I recently got a marketing pitch for Pets in the classroom grant program. Now the cool pets have gathered. They have been with us since time immemorial and I am a fan of all manner of bunnies, hamsters, guinea pigs and the occasional reptile. But I marveled at my timely PR hack: “As students’ need for social and emotional support increases, teachers are turning to classroom favorites.”
The press release touts “an increase in grant applications for the 2022-23 academic year, awarding 15,500 grants in two short months.” This announced“As evidenced by research and affirmed by teachers, pets in the classroom are a much-needed resource for students who experience anxiety, difficulty concentrating, self-control issues, or simply need a friend.”
The teachers’ comments were impressive with their excessive passion. In a press release, one teacher enthused: “Two students I tested this year had an easier time holding and petting guinea pigs while they completed their assessments.” She added that “a group of 5th graders is coming[s] before school and during breaks to spend time with the guinea pigs. This group, whether they know it or not, is developing social skills.’
There were also some great survey results. A survey A study of teachers in the US and Canada by Pets in the Classroom found that “interaction with pets in the classroom” led 98 percent of teachers to report increases in “empathy and compassion,” “student accountability,” and “student engagement.” » I would encourage readers to check the results of the survey and related studies. I think it’s fair to say that the evidence offered wouldn’t stand up to an intelligent 8th grader.
Listen, aside from the bullying, there’s an even more important point here. As much as I was skeptically on some practices and pedagogies related to SEL, i sympathetic basically, and I wish SEL would avoid the sad fate of so many well-intentioned educational acronyms. Whatever one may think of the promise of pets in the classroom, I doubt that petting a guinea pig or feeding a bunny develops the social-emotional learning skills that proponents emphasize—things like persistence or executive function. From that perspective, things like this should be a big, flashing warning sign.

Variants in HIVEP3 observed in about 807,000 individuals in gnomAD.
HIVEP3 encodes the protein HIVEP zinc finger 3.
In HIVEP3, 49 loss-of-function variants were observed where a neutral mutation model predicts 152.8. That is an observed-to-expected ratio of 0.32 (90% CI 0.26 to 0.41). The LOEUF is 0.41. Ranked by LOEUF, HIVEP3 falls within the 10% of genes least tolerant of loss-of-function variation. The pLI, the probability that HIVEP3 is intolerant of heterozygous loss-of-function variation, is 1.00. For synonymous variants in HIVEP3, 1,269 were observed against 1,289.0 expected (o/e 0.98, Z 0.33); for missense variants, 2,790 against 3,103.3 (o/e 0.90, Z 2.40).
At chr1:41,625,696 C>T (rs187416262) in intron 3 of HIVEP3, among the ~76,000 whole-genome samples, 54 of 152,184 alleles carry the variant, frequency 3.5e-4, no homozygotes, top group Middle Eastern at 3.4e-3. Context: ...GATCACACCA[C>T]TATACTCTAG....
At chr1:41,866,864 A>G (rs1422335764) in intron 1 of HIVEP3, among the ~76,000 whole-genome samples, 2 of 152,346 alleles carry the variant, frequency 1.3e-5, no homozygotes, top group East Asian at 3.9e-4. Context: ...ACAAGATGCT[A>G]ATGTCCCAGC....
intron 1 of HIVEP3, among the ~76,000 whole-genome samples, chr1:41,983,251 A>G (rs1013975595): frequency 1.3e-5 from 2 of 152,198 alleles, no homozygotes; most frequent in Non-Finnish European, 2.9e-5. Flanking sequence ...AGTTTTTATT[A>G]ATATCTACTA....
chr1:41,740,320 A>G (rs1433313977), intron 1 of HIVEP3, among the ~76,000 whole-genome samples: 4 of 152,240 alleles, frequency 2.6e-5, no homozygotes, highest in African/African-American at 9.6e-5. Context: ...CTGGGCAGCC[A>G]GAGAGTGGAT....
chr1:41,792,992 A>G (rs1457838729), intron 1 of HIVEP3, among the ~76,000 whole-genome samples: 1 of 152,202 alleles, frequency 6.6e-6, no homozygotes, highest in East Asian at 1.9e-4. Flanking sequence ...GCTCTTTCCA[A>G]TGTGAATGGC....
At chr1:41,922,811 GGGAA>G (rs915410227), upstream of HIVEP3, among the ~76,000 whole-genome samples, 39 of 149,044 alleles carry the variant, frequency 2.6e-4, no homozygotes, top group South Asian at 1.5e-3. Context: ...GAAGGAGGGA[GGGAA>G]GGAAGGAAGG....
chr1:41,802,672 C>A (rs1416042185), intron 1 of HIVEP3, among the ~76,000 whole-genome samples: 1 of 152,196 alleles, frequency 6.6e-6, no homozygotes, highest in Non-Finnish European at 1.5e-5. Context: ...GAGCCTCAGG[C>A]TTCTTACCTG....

A few years ago, in an essay titled “What Social and Emotional Learning Needs for Success and Survival“, Checker Finn and I observed: “Given the raft of vitriol being peddled by consultants, providers, pedagogues, and many others in the name of SEL (and more), it is important to develop markers that will help serious educators and curious parents know what’s above the bar and what’s not.”
Well, that’s the kind of crap we had in mind. In fact, those who remember more can recall how publishers and merchants rushed the brand everything how “Common Core compatibility” (including some really stupid worksheets and, sorry, textbooks) was one of the forces that helped push parents away and poison the well for Common Core.
“The question,” Checker and I asked, “is what honest defense attorneys are willing to do when it comes to flagging fraud, identifying charlatans, [and] calling out practices that lack evidence.” Leadership involves not only explaining what SEL should be, but also what it is not. Checker and I noted that this means doing the uncomfortable work of “challenging those , who display questionable goods under the SEL banner.”
And I can tell you that the Pets in the Classroom grant program is far from the only offer I’ve received recently. As blogger Ed Week, a Forbes depositor, an Education Further editor, and such, I get a lot of pitches. And I think it’s fair to say that I’m probably getting some shady “SEL-aligned” renditions every day.
If the more serious fans can’t stop the charlatans from selling their wares under the SEL shingle, the whole enterprise is in trouble. Indeed, as Checker and I noted, “If the SEL does veer toward the laid-back and corny, history suggests it will likely have a relatively short shelf life, much like the self-esteem fad of the 1980s.”
When 19,000 grants are awarded under the SEL banner to help students visit the guinea pigs during the breaks, it’s fair to say the stakes are high. The question is what more responsible SEL leaders are willing to do about it.